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Broader benefits of a Canada-Asia energy relationship
July 7, 2012
EDITOR’S NOTE: A recent study released by the Asia Pacific Foundation of Canada and the Canada West Foundation argues that Canada’s approach to energy should be more clearly based on its national interest, not a collection of private interests. It therefore calls for the establishment of a framework that will bring into play the interest of not only the private sector and federal and provincial governments, but also First Nations governments, communities and environmental interests. This backgrounder was written by Yuen Pau Woo, from the Asia Pacific Foundation of Canada and Roger Gibbins, with the Canada West Foundation.
A clear case has been made for the alignment of Canada’s interest in security of energy demand with Asia’s quest for security of energy supply.
The current misalignment can be seen most vividly in the price differentials that exist between North American and Asian oil and gas markets, which present an immediate opportunity for trans-Pacific oil and gas exports. Alignment of Canadian and Asian energy interests, however, should extend to all forms of energy cooperation, drawing on the diversity of energy assets and expertise across the country.
The opportunities for market development by Canadian firms in Asia are immense, whether it is oil and gas and/or its associated expertise in the Western provinces, Atlantic Canada, and the North; hydroelectric and nuclear expertise in Ontario and Quebec; uranium assets in Saskatchewan; coal assets in various parts of the country; or expertise in energy conservation, renewable energy sources, carbon capture and sequestration, and clean technology in all parts of the country.
While the benefits of energy exports to Asia are obvious for the regions and companies involved, there are broader benefits that can accrue to Canada as a whole. These include:
â– Royalty payments that enable provinces to support health, education, and other social programs that Canadians care about.
â– Tax revenue for federal and provincial governments to provide high quality public services.
â– Revenue streams for First Nations communities to provide services to support economic development and new job prospects.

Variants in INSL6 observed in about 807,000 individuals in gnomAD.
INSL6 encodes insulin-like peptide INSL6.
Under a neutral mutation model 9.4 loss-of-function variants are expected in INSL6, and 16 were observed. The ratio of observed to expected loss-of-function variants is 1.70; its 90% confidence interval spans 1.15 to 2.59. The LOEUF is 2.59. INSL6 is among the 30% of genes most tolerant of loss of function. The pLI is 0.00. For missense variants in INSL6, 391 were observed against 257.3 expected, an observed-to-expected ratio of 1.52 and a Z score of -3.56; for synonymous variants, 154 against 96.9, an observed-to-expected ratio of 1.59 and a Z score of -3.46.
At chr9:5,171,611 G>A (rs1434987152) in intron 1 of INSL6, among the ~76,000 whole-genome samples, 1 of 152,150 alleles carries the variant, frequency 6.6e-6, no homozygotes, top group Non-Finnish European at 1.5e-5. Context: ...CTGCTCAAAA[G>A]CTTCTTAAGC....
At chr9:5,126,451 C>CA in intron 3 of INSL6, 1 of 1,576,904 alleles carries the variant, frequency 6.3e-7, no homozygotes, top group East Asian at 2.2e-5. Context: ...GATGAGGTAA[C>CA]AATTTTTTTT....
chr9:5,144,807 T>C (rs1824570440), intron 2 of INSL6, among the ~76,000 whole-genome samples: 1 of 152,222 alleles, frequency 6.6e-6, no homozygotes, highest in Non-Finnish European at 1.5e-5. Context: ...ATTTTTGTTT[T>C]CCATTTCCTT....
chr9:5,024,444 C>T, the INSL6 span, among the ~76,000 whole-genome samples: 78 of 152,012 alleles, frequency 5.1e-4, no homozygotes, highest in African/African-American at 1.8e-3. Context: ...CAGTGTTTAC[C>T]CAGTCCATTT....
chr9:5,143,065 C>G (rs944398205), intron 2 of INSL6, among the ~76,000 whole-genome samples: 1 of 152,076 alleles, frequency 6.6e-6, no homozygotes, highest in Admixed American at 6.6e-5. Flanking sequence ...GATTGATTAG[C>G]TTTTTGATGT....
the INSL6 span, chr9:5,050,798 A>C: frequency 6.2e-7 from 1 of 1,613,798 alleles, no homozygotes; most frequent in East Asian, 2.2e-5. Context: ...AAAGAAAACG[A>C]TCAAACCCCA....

â– Expanded energy trade with Asia could lead to a broader expansion of goods and services trade between Canadian firms and new Asia customers, given the extensive upstream and downstream linkages between the energy sector and other industries. Indeed, Canada is well known for its engineering, energy and environmental services expertise. The spin-off business from expanded energy trade would benefit every region of Canada and promote greater trade diversification in terms of both markets and products.
â– Energy exports to Asia would help redress a very large trade imbalance, especially in the case of Canada-China trade. Although Canadian trade with China has grown in absolute terms over the past decade, Canada’s share of China’s total trade is around 1 per cent, well below Canada’s share of global trade.
â– Commodity trade with Asia could encourage Asian investment in the future development of the Canadian resource sector, including renewable energy, and possibly in the infrastructure needed to connect Canadian resources to international markets. These kinds of long-term partnerships have the potential to extend well beyond resource extraction into technology sharing, research and development, and third-country cooperation. A recent example is the announcement by Hitachi to partner with SaskPower on a $60 million Carbon Capture Test Facility, building on the Japanese company’s longstanding investment in Canada’s energy sector.
â– Given the strategic importance of energy, an expanded Canada-Asia energy relationship could be a game changer in Canada’s relations with Asia; it would provide a compelling reason for Asian powers to take Canada and Canadian interests more seriously, thereby opening the door to broader diplomatic, economic, and social/cultural benefits.
The magnitude of the Canada-Asia energy opportunity, the scope of its impact across many industries and regions of the country, and the breadth of potential economic and social benefits for all Canadians underscores one key message: the goal of a Canada-Asia energy relationship cannot rely solely on the efforts of individual firms and projects. There is truly a national interest in pursuing a broad-based Canada-Asia energy relationship, and hence an urgent need for national leadership.
Of course, balancing these benefits are risks that could manifest as costs, notably concerns over oil spills, both small and large, that could impair traditional, societal and economic values in sensitive and unique ecosystems. Project impacts during construction could also result in impacts on the ecosystem, leading to unintended economic costs. Finally, emissions associated with the production and transportation of oil and gas exports will increase both GHG and air pollutant emissions. Responsible development of Canada’s energy resources involves balancing the economic benefits of increased exports with the potential domestic environmental risks, including the health and well-being of affected communities downstream.
Yuen Pau Woo is the President and CEO of the Asia Pacific Foundation of Canada and Roger Gibbins is the President and CEO of the Canada West Foundation. To download a complete copy of their report click here.
This backgrounder is FREE to use on your websites or in your publications. However, Troy Media, the Asia Pacific Foundation of Canada and the Canada West Foundation, with links to their web sites, MUST be credited.
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